DNR Locates Mountain Lion

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Wildlife managers from the Minnesota Department of Natural Resources (DNR) have located a mountain lion (cougar) that was fitted with a radio collar late last winter in the Black Hills of South Dakota. The animal was found on Jan. 10 in the Roseau River Wildlife Management Area (WMA) during an aerial flight near the Manitoba border in western Roseau County. The wildlife staff located the lion?s radio signal while conducting a winter deer census in the area, according to Donovan Pietruszewski, Karlstad area wildlife manager.

Prior to the recent DNR flight, the radio signal from the mountain lion was last documented near Karlstad on Dec. 21, about 40 miles southwest of the present location. The animal was making news in North Dakota during December, as North Dakota Game and Fish personnel tracked the animal crossing the state after leaving the Black Hills area. North Dakota personnel contacted Minnesota wildlife staff when the mountain lion crossed into Minnesota just before the New Year. DNR wildlife staff made arrangements to try to locate the radio signal while performing the aerial deer census earlier this month.

The radio collar transmits two signals that researchers can use to gather information on wildlife they?re tracking, according to Jim Breyen, Northwest Regional wildlife manager. The first signal allows researchers to locate the animal; the second helps determine whether or not the animal is moving. The signal picked up by the DNR indicated that the mountain lion was moving.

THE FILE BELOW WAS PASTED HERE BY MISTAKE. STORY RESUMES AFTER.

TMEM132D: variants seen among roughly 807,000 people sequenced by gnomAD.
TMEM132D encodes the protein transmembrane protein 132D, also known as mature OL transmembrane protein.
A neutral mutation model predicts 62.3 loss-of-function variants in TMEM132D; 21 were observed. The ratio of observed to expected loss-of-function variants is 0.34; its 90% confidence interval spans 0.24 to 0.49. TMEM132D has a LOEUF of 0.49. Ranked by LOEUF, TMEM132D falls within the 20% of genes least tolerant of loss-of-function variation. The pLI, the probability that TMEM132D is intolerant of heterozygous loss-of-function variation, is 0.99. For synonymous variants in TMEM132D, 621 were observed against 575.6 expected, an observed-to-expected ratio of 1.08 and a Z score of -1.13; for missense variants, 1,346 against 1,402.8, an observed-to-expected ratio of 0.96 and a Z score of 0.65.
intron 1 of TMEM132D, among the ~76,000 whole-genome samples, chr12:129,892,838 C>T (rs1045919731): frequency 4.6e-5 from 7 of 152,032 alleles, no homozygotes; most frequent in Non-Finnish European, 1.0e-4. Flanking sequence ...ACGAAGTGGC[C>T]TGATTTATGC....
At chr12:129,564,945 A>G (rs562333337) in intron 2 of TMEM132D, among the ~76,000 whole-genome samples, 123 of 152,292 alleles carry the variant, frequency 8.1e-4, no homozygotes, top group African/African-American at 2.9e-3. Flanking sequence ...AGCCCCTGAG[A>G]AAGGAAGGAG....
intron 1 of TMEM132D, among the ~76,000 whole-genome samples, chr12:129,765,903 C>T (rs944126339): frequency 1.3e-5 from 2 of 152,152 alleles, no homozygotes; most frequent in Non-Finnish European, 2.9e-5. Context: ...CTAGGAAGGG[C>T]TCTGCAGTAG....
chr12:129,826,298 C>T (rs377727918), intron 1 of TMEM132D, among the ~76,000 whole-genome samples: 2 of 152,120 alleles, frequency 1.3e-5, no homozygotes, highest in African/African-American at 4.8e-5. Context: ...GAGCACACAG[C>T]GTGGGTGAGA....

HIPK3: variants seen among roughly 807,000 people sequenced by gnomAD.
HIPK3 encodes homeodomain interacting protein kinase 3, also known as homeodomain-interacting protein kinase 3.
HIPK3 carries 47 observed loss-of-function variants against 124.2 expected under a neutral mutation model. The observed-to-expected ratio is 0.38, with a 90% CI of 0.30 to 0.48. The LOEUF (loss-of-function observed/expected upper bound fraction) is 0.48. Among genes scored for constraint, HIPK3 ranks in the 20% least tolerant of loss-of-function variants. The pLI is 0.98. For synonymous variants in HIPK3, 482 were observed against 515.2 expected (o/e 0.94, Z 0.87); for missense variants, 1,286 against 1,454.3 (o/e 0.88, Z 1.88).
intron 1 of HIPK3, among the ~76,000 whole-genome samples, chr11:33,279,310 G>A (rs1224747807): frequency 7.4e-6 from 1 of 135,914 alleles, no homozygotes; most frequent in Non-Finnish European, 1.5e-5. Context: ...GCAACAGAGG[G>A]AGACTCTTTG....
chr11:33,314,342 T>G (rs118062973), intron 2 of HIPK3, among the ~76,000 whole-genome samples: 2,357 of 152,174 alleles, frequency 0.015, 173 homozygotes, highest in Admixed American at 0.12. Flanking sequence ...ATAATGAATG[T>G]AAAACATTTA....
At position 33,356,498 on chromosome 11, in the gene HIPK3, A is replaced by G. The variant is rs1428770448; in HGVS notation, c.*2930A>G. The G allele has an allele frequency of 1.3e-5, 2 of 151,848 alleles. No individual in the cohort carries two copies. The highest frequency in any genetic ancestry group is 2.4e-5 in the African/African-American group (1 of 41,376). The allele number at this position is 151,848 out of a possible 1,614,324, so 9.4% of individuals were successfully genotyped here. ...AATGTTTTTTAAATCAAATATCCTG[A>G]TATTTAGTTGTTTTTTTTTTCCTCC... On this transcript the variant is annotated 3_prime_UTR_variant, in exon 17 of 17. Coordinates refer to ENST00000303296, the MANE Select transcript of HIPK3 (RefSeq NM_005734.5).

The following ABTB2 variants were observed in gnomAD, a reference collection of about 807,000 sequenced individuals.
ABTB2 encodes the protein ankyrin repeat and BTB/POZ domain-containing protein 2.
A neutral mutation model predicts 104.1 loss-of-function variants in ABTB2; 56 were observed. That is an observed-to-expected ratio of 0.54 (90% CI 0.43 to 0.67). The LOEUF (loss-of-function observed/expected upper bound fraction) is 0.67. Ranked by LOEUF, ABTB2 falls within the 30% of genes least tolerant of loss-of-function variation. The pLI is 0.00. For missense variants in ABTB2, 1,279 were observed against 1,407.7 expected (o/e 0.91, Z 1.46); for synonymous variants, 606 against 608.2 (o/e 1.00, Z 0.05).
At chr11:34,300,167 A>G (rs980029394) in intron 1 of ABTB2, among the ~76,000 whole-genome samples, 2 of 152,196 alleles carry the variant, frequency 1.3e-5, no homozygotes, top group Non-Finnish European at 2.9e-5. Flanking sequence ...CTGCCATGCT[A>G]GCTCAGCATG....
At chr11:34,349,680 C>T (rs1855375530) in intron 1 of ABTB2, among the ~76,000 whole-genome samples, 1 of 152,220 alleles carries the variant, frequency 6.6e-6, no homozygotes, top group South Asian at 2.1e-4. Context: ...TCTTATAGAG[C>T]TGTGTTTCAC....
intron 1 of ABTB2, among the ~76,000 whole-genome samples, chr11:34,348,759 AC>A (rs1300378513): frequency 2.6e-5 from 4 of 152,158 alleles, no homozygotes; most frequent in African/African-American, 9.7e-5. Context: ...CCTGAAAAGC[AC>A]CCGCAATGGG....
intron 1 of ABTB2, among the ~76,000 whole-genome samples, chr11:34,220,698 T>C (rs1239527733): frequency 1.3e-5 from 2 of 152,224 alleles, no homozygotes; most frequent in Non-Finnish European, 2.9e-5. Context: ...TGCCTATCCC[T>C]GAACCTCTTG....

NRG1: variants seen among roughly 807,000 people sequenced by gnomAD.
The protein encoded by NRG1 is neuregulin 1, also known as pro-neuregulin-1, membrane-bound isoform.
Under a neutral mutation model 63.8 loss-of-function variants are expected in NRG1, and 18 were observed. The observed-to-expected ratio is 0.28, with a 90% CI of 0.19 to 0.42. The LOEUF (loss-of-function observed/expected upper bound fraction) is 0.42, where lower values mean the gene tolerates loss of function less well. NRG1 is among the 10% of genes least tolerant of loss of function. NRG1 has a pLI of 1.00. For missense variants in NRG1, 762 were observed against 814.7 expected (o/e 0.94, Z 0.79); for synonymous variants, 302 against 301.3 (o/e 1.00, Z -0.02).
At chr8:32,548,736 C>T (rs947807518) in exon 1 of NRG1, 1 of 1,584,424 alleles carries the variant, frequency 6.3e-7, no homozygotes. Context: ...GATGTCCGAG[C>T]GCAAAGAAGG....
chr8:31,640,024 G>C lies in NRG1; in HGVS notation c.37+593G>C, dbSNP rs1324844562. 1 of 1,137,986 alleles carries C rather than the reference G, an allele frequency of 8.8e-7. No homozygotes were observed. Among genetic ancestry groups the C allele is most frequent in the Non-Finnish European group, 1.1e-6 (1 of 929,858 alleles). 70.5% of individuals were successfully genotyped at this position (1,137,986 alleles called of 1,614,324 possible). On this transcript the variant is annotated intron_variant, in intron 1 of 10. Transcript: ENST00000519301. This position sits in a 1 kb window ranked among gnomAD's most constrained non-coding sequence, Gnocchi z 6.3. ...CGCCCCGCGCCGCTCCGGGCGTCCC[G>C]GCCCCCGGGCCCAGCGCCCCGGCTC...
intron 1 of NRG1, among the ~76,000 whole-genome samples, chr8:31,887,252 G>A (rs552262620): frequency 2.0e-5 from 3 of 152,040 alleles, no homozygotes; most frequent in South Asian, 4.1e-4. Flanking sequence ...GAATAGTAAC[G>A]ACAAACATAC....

Weather permitting, DNR staff will attempt to pick up the signal again as they conclude the aerial deer census sometime during the last two weeks of January. If the mountain lion is still in the Roseau River WMA, wildlife staff plans to monitor the cat?s movements weekly with a radio receiver from the ground.

The mountain lion, which is a young adult male, is part of a long-term research study being conducted by South Dakota State University. Tracking this cat?s movement has provided a unique opportunity to study the movement patterns of mountain lions, which are most commonly found in the western part of the United States and are rarely seen as far east as Minnesota.

For such an elusive animal, this one male has certainly been attracting a lot of attention on his travels through the Midwest,? said Breyen. ?It has now become a three-state research effort as we?ve tracked the cat for our wildlife colleagues in South Dakota.? The DNR receives several reports of mountain lion sightings each year, but few of these reports have been proven true over the years. Breyen reminds the public that mountain lions are a protected species in Minnesota and cannot be hunted or trapped. Although there has never been an attack of a human by a mountain lion in Minnesota, wildlife observers should keep their distance from the mountain lion and take care not to disturb the animal.